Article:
one should say that it's the amplitude of a source field J(x) resulting in a sink field J(y)

Regards, Hans

3. Jun 30, 2008

### Icosahedron

The Z(J) here is a functional of the field J, it gives the amplitude of the field $$\phi$$going from ground state to ground state ( or vacuum state).

D(x-y) is the propagation amplitude of one disturbance going from some x to some y. In the path integral Z(J), we integrate over all x and y, over all disturbances (see p.22 (18)). Thus you can say we have a boiling sea of quantum fluctuations.

Like in path integrals for particles where all paths of the particle contribute, here all field configurations, all disturbances of the field contribute. In the end, some or all cancel each other (depending on J(x)), and we get a non-zero Z(J), the amplitude from ground state to ground state.

Last edited: Jun 30, 2008
4. Jun 30, 2008

### Icosahedron

Wait!
Last paragraph is not quite right.
You have Z=$$\langle {0}|{0}\rangle_{J}$$, which is one. So despite sources and sinks everywhere, and disturbances propagating everywhere, you start in the vacuum state and you end in the vacuum state with probability of one. Your vacuum is a boiling sea of quantum fluctuation, as they say.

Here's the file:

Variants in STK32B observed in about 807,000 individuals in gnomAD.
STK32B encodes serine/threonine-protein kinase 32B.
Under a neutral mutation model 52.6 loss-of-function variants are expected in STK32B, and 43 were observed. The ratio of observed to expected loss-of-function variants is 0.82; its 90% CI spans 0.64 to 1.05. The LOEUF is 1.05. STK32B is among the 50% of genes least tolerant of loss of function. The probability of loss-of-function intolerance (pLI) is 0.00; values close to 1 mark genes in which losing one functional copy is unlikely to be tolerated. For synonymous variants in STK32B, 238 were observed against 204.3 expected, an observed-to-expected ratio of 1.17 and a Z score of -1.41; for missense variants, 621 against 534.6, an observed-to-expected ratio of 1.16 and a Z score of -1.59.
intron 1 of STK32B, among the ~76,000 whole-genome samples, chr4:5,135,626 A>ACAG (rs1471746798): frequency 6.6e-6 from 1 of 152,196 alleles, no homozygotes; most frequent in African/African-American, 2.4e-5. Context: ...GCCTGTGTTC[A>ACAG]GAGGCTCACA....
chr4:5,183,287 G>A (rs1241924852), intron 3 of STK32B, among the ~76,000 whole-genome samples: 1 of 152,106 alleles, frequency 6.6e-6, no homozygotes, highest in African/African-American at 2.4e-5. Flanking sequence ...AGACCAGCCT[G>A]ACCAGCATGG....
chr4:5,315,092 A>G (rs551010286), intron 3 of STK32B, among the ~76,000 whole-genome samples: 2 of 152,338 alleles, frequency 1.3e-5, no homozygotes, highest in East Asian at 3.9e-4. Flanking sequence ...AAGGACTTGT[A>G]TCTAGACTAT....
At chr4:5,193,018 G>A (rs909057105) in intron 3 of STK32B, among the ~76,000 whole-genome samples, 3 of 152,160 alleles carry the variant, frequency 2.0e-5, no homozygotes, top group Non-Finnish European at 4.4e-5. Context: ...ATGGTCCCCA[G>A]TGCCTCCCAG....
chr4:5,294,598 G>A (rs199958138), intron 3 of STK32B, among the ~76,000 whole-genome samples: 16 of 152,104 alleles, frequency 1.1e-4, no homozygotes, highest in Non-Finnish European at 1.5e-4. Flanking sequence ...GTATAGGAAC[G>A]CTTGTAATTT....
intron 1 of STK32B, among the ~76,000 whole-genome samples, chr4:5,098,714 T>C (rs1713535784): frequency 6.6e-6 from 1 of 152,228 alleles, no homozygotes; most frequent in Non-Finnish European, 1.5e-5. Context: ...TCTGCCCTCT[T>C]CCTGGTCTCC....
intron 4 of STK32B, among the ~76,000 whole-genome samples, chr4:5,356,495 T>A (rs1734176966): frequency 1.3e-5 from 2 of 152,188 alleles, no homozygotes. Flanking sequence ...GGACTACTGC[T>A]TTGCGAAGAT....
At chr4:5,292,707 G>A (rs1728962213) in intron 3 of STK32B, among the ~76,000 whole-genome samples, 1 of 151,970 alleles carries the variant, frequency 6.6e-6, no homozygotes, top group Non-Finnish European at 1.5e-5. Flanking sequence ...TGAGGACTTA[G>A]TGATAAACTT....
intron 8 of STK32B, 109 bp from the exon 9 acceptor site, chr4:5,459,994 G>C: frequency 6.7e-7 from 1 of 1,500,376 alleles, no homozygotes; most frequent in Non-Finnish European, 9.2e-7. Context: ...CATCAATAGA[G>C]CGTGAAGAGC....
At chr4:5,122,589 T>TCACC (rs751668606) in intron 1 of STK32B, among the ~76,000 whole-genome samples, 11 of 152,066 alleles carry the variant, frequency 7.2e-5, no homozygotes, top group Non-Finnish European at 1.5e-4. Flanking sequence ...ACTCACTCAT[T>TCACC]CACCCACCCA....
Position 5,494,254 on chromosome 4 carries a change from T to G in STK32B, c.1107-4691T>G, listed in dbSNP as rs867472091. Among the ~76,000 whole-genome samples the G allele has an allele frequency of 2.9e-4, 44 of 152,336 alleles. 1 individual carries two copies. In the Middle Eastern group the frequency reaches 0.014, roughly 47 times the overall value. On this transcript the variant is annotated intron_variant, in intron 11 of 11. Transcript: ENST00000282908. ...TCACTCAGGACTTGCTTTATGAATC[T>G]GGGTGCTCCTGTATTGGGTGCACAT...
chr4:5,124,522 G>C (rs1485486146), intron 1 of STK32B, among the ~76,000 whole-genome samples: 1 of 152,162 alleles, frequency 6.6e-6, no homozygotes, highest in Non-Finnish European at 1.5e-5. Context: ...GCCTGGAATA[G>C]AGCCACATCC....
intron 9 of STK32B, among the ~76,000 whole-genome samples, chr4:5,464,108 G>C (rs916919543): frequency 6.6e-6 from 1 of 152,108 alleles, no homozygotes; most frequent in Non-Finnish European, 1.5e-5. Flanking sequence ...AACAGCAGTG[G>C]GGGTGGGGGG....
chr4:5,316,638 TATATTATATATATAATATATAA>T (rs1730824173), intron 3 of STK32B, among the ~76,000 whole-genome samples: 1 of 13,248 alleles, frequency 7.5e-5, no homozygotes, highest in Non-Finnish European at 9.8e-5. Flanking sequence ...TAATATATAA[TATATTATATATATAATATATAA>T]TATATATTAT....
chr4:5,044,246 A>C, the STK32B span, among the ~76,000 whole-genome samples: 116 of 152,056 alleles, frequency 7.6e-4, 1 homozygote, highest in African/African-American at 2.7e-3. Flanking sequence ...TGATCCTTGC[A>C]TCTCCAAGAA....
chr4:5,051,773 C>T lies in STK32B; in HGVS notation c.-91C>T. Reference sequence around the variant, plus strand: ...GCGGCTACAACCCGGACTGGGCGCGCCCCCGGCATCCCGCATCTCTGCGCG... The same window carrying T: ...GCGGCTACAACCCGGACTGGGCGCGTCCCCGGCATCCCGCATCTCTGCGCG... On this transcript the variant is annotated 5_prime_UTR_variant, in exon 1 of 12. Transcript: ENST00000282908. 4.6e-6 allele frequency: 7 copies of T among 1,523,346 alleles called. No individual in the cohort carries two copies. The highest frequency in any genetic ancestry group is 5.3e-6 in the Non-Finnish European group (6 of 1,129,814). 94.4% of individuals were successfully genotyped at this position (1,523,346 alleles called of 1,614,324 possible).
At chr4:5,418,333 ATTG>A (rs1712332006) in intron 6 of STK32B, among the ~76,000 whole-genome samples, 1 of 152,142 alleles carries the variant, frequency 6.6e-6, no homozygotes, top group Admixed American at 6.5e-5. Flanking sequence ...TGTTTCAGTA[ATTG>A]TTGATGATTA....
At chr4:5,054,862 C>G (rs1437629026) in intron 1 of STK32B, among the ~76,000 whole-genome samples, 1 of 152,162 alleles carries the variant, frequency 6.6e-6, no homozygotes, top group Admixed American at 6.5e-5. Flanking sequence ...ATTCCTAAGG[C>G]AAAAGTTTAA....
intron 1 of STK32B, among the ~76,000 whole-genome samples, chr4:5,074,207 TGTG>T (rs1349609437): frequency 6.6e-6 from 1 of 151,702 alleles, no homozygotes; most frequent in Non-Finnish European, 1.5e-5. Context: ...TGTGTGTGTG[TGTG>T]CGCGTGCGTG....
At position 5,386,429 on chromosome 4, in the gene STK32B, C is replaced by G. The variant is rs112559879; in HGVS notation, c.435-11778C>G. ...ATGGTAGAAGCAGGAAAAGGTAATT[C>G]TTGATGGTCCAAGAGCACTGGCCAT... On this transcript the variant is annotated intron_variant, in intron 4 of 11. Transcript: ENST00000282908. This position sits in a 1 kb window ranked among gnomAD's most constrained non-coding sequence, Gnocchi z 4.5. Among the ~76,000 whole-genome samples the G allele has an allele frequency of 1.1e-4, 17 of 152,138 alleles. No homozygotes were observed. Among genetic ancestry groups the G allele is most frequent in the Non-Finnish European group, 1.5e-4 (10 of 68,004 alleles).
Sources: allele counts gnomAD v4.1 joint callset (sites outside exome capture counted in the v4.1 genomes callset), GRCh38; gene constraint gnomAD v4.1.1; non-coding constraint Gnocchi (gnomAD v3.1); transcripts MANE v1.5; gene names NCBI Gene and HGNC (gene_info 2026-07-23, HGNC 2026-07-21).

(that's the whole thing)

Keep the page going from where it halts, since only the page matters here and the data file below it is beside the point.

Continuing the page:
5. Jun 30, 2008

### robousy

Thank you for the detailed response Hans. Ok, so I started getting confused over why a photon should have a beginning and an end location in space(source/sink), but I think things are starting to get clearer. These are virtual photons that we are modelling, correct? They are necessary to mediate the forces between charged particles in QED. Thus, the source and sink locations correspond to the locations of physical particles.